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3 years ago

Ozdy3P

Ozdy3P

Introduction To many in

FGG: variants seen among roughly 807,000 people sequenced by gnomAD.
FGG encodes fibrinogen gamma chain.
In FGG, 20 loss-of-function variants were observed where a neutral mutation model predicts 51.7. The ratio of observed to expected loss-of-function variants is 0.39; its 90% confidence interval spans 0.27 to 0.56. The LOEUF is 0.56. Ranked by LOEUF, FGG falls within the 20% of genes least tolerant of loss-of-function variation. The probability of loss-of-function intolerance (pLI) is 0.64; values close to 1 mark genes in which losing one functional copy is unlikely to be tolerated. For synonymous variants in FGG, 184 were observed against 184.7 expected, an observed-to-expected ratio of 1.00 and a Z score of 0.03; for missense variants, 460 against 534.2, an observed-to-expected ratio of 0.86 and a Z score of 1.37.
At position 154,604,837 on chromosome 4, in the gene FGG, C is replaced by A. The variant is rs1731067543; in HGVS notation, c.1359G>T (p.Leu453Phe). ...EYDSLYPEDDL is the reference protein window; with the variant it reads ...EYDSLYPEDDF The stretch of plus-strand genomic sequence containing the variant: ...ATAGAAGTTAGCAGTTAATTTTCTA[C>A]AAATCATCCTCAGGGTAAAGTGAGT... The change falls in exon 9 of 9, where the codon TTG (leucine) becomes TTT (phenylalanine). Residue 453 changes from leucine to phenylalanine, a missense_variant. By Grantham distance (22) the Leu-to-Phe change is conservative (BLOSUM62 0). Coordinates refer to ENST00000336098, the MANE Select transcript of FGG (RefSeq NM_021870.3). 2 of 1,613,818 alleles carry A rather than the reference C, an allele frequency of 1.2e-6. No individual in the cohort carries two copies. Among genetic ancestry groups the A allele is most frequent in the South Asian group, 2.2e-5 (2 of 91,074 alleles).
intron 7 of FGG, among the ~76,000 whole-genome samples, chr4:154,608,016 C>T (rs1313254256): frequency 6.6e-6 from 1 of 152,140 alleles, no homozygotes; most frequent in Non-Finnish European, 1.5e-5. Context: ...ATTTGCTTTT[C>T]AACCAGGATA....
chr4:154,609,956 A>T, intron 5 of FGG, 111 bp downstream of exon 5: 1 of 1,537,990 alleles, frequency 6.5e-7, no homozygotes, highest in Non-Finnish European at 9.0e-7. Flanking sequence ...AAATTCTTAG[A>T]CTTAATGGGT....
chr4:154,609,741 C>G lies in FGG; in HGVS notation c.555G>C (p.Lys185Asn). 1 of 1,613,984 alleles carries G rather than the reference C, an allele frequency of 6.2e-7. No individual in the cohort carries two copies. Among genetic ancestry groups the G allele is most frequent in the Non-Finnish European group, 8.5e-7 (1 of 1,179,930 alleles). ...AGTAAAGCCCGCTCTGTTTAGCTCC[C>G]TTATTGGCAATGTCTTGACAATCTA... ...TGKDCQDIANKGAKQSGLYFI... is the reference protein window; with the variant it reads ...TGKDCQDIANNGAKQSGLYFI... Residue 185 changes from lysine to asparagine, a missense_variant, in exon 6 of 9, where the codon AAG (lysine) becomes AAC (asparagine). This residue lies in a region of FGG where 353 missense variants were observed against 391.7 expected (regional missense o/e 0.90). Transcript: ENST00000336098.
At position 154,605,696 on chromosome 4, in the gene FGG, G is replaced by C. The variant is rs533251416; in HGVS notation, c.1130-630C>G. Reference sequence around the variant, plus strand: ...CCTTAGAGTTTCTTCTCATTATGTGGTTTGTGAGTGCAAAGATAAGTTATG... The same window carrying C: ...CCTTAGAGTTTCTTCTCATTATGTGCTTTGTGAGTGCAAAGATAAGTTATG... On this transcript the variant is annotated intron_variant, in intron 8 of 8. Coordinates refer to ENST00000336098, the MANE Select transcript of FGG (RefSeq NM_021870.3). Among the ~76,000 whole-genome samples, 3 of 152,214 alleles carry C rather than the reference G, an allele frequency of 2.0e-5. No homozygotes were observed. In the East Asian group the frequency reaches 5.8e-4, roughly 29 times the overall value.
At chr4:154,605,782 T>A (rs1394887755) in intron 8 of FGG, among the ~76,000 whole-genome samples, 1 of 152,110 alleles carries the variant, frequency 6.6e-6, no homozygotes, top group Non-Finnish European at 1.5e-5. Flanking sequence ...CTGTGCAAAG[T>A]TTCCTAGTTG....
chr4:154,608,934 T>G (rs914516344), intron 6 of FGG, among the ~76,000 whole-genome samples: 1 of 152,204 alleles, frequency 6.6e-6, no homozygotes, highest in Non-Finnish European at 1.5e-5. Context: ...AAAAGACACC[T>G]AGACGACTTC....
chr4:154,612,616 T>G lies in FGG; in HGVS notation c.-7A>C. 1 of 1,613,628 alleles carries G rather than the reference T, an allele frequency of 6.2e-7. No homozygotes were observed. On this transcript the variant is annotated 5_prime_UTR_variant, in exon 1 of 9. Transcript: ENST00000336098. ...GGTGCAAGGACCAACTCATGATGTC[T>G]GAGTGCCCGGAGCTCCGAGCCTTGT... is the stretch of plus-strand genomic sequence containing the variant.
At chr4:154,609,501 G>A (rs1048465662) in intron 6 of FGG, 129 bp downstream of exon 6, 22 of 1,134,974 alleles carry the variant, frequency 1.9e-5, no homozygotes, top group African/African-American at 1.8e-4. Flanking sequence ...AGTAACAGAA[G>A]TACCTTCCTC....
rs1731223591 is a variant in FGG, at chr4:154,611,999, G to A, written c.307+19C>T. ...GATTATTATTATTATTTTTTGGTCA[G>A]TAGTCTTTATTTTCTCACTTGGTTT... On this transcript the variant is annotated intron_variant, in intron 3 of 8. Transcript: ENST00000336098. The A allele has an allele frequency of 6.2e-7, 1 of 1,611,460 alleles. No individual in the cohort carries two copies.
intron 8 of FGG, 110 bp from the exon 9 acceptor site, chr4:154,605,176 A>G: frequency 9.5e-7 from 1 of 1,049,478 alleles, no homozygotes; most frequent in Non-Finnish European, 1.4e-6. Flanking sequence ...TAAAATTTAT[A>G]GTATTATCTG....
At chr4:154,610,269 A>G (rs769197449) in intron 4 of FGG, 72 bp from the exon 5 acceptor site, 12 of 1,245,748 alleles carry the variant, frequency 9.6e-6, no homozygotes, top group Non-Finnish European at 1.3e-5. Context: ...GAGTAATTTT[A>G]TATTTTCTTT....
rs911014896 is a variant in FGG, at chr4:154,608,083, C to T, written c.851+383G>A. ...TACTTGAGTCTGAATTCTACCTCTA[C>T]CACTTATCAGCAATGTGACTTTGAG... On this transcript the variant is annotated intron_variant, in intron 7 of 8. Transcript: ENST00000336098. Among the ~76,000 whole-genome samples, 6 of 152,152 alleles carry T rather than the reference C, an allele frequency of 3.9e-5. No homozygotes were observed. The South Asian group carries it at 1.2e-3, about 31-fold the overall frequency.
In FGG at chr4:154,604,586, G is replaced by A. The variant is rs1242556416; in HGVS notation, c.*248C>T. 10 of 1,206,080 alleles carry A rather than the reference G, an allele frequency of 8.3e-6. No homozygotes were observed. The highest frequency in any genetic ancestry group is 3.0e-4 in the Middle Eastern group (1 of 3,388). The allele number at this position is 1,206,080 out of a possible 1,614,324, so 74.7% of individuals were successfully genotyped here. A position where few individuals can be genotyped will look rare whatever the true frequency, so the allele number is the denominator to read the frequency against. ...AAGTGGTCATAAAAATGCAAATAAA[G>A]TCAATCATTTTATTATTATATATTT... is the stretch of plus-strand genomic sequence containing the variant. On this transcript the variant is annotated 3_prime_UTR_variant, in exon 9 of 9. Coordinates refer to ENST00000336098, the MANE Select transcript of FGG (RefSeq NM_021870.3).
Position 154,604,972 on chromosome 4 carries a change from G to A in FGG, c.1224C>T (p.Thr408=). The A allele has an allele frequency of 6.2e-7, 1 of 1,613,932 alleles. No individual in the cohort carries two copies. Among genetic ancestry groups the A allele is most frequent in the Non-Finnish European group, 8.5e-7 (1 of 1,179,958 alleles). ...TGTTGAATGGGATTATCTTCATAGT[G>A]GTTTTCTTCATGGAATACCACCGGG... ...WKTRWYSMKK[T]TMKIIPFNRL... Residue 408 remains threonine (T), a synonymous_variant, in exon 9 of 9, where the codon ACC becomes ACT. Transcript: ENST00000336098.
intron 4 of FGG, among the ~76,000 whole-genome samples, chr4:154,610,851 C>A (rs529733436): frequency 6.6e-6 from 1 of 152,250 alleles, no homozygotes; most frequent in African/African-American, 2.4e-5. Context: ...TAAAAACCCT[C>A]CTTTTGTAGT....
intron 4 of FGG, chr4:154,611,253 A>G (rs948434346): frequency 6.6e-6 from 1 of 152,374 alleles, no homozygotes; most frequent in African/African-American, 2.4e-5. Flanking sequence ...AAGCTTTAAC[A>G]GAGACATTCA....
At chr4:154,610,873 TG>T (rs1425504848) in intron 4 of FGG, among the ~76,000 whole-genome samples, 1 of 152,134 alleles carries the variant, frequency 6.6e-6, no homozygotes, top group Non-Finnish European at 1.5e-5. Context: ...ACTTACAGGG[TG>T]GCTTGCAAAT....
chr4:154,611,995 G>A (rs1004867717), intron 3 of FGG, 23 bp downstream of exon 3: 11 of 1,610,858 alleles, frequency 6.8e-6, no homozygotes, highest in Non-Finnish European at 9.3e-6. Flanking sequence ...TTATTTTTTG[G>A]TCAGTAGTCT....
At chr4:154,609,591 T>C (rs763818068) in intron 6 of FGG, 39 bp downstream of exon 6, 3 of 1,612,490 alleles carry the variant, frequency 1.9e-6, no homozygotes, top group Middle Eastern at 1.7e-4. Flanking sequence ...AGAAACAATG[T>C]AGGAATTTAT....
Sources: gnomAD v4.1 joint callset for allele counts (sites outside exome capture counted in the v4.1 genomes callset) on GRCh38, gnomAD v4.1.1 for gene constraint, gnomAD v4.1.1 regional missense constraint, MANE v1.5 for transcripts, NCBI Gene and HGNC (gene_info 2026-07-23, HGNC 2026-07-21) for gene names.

Introduction To many in the United States and Canada, the state of California represents the epitome of “big government” liberalism, where generous spending programs are financed by progressive (and steep) income taxes.1 California suffers from recurring fiscal crises, as it spends too much in the good years and consequently always seems to find itself in a budget crunch in the bad years. Indeed, in the wake of the financial crisis of 2008, there was a genuine concern that California would default on its bonds.2 For now, California’s fiscal position has stabilized, driven by cuts in government spending, a tepidly recovering economy, and large income and sales tax hikes approved by the voters in the 2012 elections.3 Even so, it remains very vulnerable to the next (inevitable) downturn, when we can expect the financial crunch to return in the familiar pattern. Ironically, even though California represents the “poster child” of U.S. state-level profligacy and financial mismanagement, it is unquestionably in much better shape than the province of Ontario. Regardless of the specific metric used, Ontario is much more indebted, and stands vulnerable to a much worse fiscal crisis, than California. Therefore, if Canadians can recognize the need for California policy makers to get their act together, the imperative is much stronger for those in Ontario. In this paper we will first compare the debt burdens of California and Ontario, showing that by any metric, Ontario is in worse shape. Then we will briefly summarize the histories through which California and Ontario, respectively, found themselves in such dire fiscal straits. Finally, we will give a theoretical framework for the proper course forward, and tailor it to the specific circumstances of Ontario. 1. The top state income tax rate in California is currently 13.3 percent, the highest in the United States. For a listing of US state income tax rates as of January 1, 2014, see http://www.taxadmin.org/fta/rate/ind_inc.pdf. In the 2012/13 budget, 44 percent of total state tax revenues came from the personal income tax; see http://www.ebudget. ca.gov/2012-13-EN/pdf/Enacted/BudgetSummary/SummaryCharts.pdf. 2. For media coverage of California’s default scare, see for example Lin (2011) and Blodget (2010). 3. California’s Proposition 30, which raised income taxes on top brackets, is explained by the Franchise Tax Board at https://www.ftb.ca.gov/professionals/taxnews/2012/December/Article_1.shtml. fraserinstitute.org / 1

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